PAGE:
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Copper hair is having a moment

To successfully persuade Milla Jovovich to dye her hair a career-defining shade of bright copper for Luc Besson’s 1997 sci-fi classic The Fifth Element, hairstylist Ward Stegerhoek appealed to her ambition. “I said, ‘Do you want to be a supermodel, or do you want to be an actress?’ ” recalls the visionary Dutch-born pro, who is perhaps best known for helping craft the artfully disheveled hair of the ’90s via his long-standing collaboration with the film’s costume designer, Jean Paul Gaultier. Jovovich’s bleached roots and neon undertones achieved Besson’s vision of someone who “looked like she came from 20,000 years in the past and 20,000 years in the future,” successfully cementing the “radioactive, almost alien” color into the pantheon of movie moments turned mood-board-mainstays.

According to colorist and Bleach London cofounder Alex Brownsell, Jovovich’s specific tone is behind the brand’s Tangerine Dream, a bright-auburn semipermanent dye that recently eclipsed its popular Rosé, a candy-floss pink, as its best-selling product. “Red and copper are traditionally colors for excitement,” Brownsell suggests as to why the off-kilter color seems to be having a moment: Filled with how-tos and DIY coloring tips, the #copperhair hashtag on TikTok has nearly 25 million views and counting. “Everyone always wants to make a statement after something big has happened,” adds Victoria Hunter, colorist and co-owner of New York City’s Whittemore House Salon, who took model Ariel Nicholson to a rich shade of cinnamon for this month’s cover shoot. “Hair is a natural thing that people go to on an emotional level.”

Emotions are apparently running high. During lockdown, FKA twigs debuted ultra-saturated copper curls, while Bella Hadid began the new year with a set of chunky, Ginger Spice–inspired face-framing highlights; her sister, Gigi, soon followed suit with long, fiery auburn strands for her post-baby debut at Versace’s fall show. “Right now, [it’s about] these dipped-in-Kool-Aid tones and a DIY henna look,” says New York–based colorist Jenna Perry, who, in addition to helping Bella become an instant E-girl beauty icon, has also given actresses Maude Apatow and Grace Van Patten the copper-top treatment. “My specialty is balayage, but I’m noticing a lot of people don’t want to take themselves that seriously right now,” continues Perry, a natural redhead.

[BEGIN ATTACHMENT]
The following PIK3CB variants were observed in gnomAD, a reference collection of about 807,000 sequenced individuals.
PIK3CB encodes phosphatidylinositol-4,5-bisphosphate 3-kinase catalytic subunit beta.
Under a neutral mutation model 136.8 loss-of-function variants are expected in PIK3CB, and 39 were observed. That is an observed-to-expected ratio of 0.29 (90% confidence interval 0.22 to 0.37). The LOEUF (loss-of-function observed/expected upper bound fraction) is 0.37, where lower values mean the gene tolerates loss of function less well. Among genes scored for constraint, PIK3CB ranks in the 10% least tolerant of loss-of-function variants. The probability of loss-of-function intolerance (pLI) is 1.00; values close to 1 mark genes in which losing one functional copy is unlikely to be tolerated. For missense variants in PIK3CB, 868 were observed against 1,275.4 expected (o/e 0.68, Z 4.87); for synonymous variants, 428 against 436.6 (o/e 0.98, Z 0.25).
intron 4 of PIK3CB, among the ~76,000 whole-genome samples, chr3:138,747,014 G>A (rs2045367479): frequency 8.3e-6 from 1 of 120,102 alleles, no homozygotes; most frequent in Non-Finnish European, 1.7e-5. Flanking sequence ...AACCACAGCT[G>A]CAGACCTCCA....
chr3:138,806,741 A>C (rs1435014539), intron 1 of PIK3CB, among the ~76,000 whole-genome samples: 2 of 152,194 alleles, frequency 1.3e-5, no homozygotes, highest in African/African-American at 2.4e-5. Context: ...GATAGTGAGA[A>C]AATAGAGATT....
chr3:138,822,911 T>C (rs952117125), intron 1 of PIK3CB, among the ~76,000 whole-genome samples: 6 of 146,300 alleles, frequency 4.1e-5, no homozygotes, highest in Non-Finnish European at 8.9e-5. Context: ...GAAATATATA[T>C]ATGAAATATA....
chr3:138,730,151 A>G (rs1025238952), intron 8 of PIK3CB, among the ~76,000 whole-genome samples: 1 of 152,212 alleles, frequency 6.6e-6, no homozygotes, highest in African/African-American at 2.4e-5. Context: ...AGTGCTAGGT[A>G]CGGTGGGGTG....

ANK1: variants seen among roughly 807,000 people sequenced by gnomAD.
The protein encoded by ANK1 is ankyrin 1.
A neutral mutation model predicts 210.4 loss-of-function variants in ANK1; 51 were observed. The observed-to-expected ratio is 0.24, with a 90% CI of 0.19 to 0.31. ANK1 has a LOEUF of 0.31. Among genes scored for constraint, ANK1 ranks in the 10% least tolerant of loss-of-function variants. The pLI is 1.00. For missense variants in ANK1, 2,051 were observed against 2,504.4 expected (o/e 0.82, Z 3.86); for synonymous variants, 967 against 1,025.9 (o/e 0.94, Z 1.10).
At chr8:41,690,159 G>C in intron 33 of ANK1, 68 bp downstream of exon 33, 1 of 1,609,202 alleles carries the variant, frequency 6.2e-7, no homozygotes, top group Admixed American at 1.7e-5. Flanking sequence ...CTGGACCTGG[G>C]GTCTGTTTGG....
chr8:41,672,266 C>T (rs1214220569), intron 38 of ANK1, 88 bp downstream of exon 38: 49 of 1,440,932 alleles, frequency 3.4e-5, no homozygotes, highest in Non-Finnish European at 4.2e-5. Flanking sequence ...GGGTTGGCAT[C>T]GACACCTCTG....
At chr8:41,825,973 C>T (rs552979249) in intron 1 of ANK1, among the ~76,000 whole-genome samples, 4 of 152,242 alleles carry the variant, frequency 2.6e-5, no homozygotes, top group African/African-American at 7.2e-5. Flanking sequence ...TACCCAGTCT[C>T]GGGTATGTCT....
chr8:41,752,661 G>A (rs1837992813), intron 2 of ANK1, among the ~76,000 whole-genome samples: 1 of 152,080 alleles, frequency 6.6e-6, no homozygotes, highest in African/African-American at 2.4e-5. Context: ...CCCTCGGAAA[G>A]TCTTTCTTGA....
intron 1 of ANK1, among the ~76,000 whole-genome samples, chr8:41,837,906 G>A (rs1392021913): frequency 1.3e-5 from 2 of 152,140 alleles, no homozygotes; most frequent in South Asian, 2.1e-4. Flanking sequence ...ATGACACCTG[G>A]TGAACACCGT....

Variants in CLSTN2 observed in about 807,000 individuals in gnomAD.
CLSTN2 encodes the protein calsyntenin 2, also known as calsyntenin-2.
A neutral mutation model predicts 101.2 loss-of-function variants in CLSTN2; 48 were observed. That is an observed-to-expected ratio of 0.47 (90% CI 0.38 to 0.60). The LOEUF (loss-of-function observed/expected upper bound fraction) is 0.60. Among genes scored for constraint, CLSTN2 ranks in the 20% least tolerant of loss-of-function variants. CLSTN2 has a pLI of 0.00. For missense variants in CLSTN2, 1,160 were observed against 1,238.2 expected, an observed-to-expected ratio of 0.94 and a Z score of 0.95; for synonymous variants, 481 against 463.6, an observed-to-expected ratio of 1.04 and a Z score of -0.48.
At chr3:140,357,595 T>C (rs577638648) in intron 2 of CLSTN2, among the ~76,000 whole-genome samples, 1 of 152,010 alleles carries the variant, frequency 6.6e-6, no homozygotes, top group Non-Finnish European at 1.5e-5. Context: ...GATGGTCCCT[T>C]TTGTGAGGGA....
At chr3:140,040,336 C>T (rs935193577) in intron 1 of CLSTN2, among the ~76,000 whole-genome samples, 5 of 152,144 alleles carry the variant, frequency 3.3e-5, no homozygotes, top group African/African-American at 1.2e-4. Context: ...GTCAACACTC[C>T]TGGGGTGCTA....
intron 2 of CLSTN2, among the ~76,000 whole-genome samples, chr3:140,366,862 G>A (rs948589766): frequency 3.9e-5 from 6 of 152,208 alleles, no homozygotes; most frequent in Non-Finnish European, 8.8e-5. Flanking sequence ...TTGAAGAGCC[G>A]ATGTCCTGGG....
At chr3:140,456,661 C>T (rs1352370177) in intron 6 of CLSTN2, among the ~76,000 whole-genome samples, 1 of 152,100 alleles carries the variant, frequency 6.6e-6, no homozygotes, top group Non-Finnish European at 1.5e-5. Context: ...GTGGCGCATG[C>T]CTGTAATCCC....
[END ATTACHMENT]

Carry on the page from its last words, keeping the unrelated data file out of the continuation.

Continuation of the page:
It’s not just ’90s nostalgia that’s driving the colour’s comeback. There’s a collective desire for a fresh slate—and becoming a redhead is a change for almost all of us: Only about 1 to 2 percent of the population has naturally red hair. “We came out of the last year like different people, and we want to look like different people, too,” says author Jacky Colliss Harvey, whose 2015 book, Red: A History of the Redhead, chronicles our cultural depiction of these genetically rare heroines. “In 19th-century paintings there was this image of the bohemian woman—always with a shade of wild red hair,” explains Colliss Harvey. “She was the one that everybody wanted to be if they were going to declare their own individuality, independence, and selfhood.”

And you need strength of character to willingly embark on this kind of double-process dye job. “Red-toned hair colors are really high maintenance,” admits Perry, noting that the color requires salon visits every six to eight weeks, and at-home gloss or color conditioners, such as Davines Alchemic Conditioner or Evo Fabuloso Colour Intensifying Conditioner, in between. Even Jovovich subjected herself to weekly touch-ups to maintain Stegerhoek’s blonde-at-the-base, flame-through-the-ends design. “She really did go all the way, and that’s why she nailed it,” he says. But there’s room in the red-led revolution for commitment-phobics, too. “We’re at a point where you can try something for the weekend,” Brownsell says of semipermanent colors, such as Bleach London’s pastel-gold Awkward Peach, which fades in one to five washes. “It’s not going to damage your hair—and you can always switch it back.”

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